This is joint work with Polly Fahey, Frederik Harwath, Noleen Köhler and Pan Peng.

- 14:15Irene Heinrich (TU Darmstadt)All interesting graphs are symmetric

- November 24, 2023Goethe University Frankfurt (Campus Bockenheim)H 3 | Hörsaaltrakt Bockenheim, Gräfstraße 50-54, 60486 Frankfurt am Main (show on map)
- 13:00Pascal Schweitzer (TU Darmstadt)Symmetries of Combinatorial Structures
- 14:15Manuel Penschuck (Goethe University Frankfurt)Sampling Random Graphs at Scale[show abstract][hide]
**Abstract:**Random graphs are commonly used as network models and, as such, often capture typical features shared amongst graphs from some (application) domain. In algorithmics, we can use such models to improve our theoretical understanding of the practical performance of graph algorithms, e.g., by encoding input classes for average case analyses as random graphs.

Especially in the algorithm engineering community, random graphs additionally gained attention as a controllable and versatile data source for experimental campaigns. However, generating such data-sets at scale is a non-trivial task in itself.

In this talk, we introduce a selection of basic algorithmic techniques used in practical graph generators and highlight how the presumed model of computation informs the design of state-of-the-art generators. Most ideas are also applicable to sample discrete objects beyond random graphs.

- November 3, 2023TU Darmstadt (Campus Stadtmitte)Raum S3|13/30 | Schloss Kaisersaalbau, Marktplatz 15, 64283 Darmstadt (show on map)
- 13:00Kurt Mehlhorn (Max Planck Institute for Informatics)Who Gets What? Fair Division of Indivisible Goods[show abstract][hide]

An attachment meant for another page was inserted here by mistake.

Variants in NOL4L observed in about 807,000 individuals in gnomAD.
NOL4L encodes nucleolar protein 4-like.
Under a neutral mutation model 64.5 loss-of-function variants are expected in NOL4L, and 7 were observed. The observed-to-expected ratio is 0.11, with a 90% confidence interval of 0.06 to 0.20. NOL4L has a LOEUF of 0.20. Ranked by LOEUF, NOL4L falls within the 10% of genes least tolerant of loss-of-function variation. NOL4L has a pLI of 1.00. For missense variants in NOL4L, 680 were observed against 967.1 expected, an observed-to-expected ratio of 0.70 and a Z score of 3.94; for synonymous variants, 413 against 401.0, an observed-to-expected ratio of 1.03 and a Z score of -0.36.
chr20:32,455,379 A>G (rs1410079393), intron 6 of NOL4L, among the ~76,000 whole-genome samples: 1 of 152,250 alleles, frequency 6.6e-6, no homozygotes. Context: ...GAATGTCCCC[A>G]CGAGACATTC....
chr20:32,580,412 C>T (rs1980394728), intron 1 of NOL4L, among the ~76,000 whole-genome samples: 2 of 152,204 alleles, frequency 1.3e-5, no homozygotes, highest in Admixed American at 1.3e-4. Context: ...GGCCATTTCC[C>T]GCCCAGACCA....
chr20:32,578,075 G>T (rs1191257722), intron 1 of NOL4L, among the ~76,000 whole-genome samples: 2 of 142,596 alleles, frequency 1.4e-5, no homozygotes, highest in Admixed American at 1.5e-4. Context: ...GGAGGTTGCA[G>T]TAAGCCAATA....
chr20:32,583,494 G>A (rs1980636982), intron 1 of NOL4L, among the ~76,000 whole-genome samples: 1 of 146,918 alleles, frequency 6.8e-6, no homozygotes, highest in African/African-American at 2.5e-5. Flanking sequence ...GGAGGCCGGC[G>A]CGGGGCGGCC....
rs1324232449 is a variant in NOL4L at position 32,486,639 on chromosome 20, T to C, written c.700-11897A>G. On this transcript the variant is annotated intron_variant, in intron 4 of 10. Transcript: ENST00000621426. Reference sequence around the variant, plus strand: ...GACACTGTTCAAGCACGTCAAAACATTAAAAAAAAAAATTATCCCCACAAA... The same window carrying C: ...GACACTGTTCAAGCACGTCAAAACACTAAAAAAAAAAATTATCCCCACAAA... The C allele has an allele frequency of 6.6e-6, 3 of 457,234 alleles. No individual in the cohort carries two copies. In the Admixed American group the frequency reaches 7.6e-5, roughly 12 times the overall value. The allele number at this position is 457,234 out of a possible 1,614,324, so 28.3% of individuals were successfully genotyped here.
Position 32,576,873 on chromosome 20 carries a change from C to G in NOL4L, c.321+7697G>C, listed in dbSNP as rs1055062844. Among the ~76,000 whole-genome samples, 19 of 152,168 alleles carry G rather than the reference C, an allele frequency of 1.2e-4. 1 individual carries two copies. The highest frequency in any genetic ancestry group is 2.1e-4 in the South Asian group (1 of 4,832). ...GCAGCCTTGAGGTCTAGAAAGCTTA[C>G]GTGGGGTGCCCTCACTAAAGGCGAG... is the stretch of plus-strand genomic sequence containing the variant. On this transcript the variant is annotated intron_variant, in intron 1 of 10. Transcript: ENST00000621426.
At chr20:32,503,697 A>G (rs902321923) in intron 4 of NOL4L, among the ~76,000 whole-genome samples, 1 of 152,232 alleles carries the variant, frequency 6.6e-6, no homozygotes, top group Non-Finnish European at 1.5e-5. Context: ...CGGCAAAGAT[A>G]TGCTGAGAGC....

**Abstract:**A set of indivisible goods, e.g., a car, a house, a toothbrush, …, has to be split among a set of agents in a

*fair manner*. Each agent has its own valuation function for sets of goods. What constitutes a fair allocation? When does a fair allocation exist? If it exists, can we compute it efficiently? Can we approximate fair allocations?The talk is based on joint work with H. Akrami, N.Alon, B. Chaudhury, J. Garg, M. Hoefer, T. Kavitha, R. Mehta, P. Misra, M. Schmalhofer, A. Sgouritsa, G. Shahkarami, G. Varricchio, Q. Vermande, and E. van Wijland that appeared in EC20, EC21, EC23, JACM 23, FSTTCS 20, SODA 21, AAAI 22, IJCAI 23, and SICOMP 22.

- 14:15Júlia Baligács (TU Darmstadt)The online graph exploration problem

## About

DAIS is organized by the**Consortium on Discrete Algorithm Insights (CoDa Insights)**. The Consortium consists of all interested researchers and students from the Rhine-Main-Universities, and is currently coordinated by the following faculty members:

- Prof. Dr. Ernst Althaus (Johannes Gutenberg University Mainz)
- Prof. Dr. Holger Dell (Goethe University Fankfurt)
- Prof. Dr. Pascal Schweitzer (TU Darmstadt)